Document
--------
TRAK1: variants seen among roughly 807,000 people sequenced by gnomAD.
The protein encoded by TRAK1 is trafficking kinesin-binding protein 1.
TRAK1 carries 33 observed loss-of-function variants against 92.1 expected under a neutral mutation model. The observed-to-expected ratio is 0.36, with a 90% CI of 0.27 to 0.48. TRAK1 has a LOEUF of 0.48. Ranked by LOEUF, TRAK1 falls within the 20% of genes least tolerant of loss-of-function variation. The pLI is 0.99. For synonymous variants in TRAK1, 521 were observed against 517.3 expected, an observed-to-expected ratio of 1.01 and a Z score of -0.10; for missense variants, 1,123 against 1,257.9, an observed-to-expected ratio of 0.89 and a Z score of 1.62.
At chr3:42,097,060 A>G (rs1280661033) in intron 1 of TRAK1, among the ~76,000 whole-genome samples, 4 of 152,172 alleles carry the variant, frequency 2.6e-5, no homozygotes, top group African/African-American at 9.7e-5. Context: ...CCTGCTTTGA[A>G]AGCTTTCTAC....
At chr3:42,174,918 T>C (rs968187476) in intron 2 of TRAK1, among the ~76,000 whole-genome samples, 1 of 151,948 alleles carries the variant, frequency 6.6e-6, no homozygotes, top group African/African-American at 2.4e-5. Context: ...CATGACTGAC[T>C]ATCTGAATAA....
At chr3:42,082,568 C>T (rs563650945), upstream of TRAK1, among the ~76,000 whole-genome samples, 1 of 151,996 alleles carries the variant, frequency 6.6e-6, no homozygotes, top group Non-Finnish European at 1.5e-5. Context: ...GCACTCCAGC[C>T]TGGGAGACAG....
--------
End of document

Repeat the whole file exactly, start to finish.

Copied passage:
TRAK1: variants seen among roughly 807,000 people sequenced by gnomAD.
The protein encoded by TRAK1 is trafficking kinesin-binding protein 1.
TRAK1 carries 33 observed loss-of-function variants against 92.1 expected under a neutral mutation model. The observed-to-expected ratio is 0.36, with a 90% CI of 0.27 to 0.48. TRAK1 has a LOEUF of 0.48. Ranked by LOEUF, TRAK1 falls within the 20% of genes least tolerant of loss-of-function variation. The pLI is 0.99. For synonymous variants in TRAK1, 521 were observed against 517.3 expected, an observed-to-expected ratio of 1.01 and a Z score of -0.10; for missense variants, 1,123 against 1,257.9, an observed-to-expected ratio of 0.89 and a Z score of 1.62.
At chr3:42,097,060 A>G (rs1280661033) in intron 1 of TRAK1, among the ~76,000 whole-genome samples, 4 of 152,172 alleles carry the variant, frequency 2.6e-5, no homozygotes, top group African/African-American at 9.7e-5. Context: ...CCTGCTTTGA[A>G]AGCTTTCTAC....
At chr3:42,174,918 T>C (rs968187476) in intron 2 of TRAK1, among the ~76,000 whole-genome samples, 1 of 151,948 alleles carries the variant, frequency 6.6e-6, no homozygotes, top group African/African-American at 2.4e-5. Context: ...CATGACTGAC[T>C]ATCTGAATAA....
At chr3:42,082,568 C>T (rs563650945), upstream of TRAK1, among the ~76,000 whole-genome samples, 1 of 151,996 alleles carries the variant, frequency 6.6e-6, no homozygotes, top group Non-Finnish European at 1.5e-5. Context: ...GCACTCCAGC[C>T]TGGGAGACAG....